A.I.M.E. technology assists leading neurosurgeon

Featured in Sony’s medical monitors, A.I.M.E.™ (Advanced Image Multiple Enhancer) technology enhances the colour and structure of displayed medical images. Neurosurgeon Dr Toru Mizutani has evaluated the benefits of A.I.M.E. in the treatment of aneurysms, brain tumours and other cerebrovascular disorders.

Close up image of a surgery in progress with an overlaid image of Sony surgical monitor displaying endoscope images from a neurosurgery.

How we helped

The Challenge

  • The successful treatment of conditions such as cerebral aneurysms depends on fast, accurate surgical intervention

The Solution

  • Sony 4K medical monitors with A.I.M.E. technology used to support surgeon and clinical staff during surgical procedures

The Outcome

  • Monitor images enhanced with A.I.M.E. give surgeon improved perception of fine details, colour differences and image depth

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A.I.M.E. technology seems to provide clearer vision, even when the surrounding spinal fluid is cloudy, decreasing the risk of surgery.

Dr Toru Mizutani
Neurosurgeon, Professor and Chairman, Department of Neurosurgery, Showa University School of Medicine

A.I.M.E. enhances image colour and contrast

Featured in our LMD-2765MD and LMD-2760MD medical monitors, Sony’s A.I.M.E.™ (Advanced Image Multiple Enhancer) technology provides a clearer view of objects displayed on the monitor screen. Colour Enhancement helps clarify tonal differences between on-screen objects, while Structure Enhancement improves visibility and recognition of an object’s outlines.

The benefits of A.I.M.E. technology have been evaluated by Dr Toru Mizutani, who specialises in the surgical treatment of cerebrovascular disorders and has managed more than 300 cases of dissociative cerebral aneurysm.

Dr Toru Mizutani.
Three set of endoscopic images side by side showing how images are enhanced when AIME or Advanced Image Multiple Enhancer feature on the surgical monitors is turned on.

Accentuating colour and contrast

Having performed approximately 2,000 procedures involving cerebral aneurysms, Dr. Mizutani explains: “The accuracy and speed of attaching the clip around the neck of a cerebral aneurysm are of utmost importance to determine the surgery’s success or failure. Compared with the images before (Photos 1 and 3), those created with A.I.M.E. (Photos 2 and 4) seem clearer, and the red colour tone is accentuated by A.I.M.E.’s enhancement function of contrast and colour tone. When checking with the ICG fluorescence imaging (Photo 5), I noticed that similar clearness was achieved with the contrast enhancement of A.I.M.E. (Photo 6). Based on these findings, I consider that there are various possibilities of applying A.I.M.E. to procedures performed under a microscope.”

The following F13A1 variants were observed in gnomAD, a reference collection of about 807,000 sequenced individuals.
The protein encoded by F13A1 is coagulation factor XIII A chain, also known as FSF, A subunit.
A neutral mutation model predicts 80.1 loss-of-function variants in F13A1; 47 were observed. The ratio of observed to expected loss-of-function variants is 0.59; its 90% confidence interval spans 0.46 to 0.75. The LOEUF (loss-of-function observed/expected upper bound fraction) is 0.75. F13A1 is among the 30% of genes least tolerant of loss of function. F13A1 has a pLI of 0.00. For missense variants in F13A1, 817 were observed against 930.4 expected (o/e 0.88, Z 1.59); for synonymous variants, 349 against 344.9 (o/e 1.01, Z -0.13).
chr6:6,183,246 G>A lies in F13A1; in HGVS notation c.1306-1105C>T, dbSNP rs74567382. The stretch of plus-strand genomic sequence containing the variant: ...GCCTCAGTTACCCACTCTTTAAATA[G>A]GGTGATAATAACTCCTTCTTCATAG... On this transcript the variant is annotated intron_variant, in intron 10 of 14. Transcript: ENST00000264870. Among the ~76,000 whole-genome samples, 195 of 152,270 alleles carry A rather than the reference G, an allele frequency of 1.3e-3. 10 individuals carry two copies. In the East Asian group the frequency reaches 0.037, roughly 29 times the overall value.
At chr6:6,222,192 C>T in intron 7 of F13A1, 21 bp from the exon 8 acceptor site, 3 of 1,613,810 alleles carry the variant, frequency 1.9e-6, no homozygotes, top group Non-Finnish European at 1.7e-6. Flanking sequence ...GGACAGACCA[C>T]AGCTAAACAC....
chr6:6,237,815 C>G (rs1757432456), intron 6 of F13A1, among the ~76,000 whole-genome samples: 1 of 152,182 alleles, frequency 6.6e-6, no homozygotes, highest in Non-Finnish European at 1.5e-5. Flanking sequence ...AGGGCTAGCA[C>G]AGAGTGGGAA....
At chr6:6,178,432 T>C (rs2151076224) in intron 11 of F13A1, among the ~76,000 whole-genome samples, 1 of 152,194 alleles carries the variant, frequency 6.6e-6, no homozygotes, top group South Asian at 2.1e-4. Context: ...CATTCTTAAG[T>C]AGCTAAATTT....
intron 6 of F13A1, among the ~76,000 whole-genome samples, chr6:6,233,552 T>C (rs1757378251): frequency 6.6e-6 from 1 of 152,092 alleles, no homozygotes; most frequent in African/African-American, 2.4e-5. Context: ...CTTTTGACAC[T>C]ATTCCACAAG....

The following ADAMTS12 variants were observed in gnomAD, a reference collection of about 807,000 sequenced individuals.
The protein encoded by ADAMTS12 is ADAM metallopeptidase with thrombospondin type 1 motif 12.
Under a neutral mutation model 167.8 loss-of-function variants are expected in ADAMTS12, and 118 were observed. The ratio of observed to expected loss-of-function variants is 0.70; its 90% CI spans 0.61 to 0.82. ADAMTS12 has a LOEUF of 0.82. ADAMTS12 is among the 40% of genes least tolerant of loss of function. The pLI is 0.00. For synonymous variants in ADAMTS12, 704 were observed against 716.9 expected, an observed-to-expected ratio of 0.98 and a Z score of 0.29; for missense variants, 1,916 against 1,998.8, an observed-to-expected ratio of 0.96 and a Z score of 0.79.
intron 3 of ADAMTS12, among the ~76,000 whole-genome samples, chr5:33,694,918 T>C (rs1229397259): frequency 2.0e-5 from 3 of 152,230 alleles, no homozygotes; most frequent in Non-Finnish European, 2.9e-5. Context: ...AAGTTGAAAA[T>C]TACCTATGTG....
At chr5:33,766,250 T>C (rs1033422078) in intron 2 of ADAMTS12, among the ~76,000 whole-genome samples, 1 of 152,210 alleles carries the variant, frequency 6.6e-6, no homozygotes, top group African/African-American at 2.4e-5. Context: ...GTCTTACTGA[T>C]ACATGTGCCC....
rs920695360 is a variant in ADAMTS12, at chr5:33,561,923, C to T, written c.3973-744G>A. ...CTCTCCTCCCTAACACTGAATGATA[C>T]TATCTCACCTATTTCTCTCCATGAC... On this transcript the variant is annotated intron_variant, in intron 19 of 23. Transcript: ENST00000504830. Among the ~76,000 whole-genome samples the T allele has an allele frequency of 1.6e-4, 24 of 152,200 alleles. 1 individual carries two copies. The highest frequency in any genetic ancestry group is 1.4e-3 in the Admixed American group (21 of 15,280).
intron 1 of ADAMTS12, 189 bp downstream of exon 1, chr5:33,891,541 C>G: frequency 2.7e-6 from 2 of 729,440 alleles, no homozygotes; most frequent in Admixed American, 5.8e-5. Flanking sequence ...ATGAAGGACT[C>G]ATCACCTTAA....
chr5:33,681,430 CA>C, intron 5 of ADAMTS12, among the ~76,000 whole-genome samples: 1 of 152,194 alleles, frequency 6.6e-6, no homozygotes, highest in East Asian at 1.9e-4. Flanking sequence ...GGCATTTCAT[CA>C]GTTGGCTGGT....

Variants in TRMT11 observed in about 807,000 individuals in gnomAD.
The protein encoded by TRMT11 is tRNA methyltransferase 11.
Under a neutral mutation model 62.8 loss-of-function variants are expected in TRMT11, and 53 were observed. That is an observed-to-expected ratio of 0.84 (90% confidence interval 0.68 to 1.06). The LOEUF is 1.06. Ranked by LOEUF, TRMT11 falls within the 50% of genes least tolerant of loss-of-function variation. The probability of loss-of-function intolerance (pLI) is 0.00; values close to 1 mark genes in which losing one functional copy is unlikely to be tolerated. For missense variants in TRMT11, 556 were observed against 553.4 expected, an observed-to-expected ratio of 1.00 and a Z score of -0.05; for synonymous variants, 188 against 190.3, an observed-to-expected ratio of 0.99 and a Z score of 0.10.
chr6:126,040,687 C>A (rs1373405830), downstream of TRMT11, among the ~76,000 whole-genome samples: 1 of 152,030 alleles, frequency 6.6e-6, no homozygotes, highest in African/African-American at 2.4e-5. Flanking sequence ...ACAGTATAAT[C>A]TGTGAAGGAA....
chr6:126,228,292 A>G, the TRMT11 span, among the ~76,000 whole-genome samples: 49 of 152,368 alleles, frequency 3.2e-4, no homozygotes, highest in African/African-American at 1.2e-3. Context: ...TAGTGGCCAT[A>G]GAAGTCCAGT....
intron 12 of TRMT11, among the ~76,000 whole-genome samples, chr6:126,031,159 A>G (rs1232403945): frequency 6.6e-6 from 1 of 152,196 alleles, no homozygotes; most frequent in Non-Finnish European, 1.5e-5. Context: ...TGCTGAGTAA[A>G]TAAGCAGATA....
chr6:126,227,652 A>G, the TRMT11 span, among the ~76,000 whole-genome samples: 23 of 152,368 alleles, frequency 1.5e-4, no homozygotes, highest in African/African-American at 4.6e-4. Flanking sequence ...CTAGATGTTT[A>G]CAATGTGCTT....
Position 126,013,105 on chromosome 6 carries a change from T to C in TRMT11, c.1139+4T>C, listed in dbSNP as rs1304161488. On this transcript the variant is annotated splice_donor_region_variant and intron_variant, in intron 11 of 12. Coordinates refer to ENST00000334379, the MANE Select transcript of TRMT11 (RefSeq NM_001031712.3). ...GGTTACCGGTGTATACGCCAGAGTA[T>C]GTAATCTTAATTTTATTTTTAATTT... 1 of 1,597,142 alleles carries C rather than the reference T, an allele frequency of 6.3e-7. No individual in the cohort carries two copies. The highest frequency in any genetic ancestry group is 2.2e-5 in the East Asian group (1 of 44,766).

Supporting a range of surgical applications

Dr Mizutani asserts that A.I.M.E. can be beneficial for medical teaching and training. Its clear images allow other physicians to see fine tissue details and observe the way the surgical scissors are handled. He believes it may also be very useful for conducting repeated postoperative checks.

He is also positive about the application of A.I.M.E. technology to other surgical cases. “When an aneurysm can be approached through the ventricle, a less invasive procedure, a brain endoscopic biopsy can be used. This requires full attention to prevent damage to brain tissues. However, it may be difficult for a surgeon to sense the distance to the target tissue during sample collection. A.I.M.E. seems to provide clearer vision and decrease the risks of surgery, even when the surrounding cerebrospinal spinal fluid is slightly cloudy.”

Set of surgical images showing the resolution of the images increases when AIME or Advanced.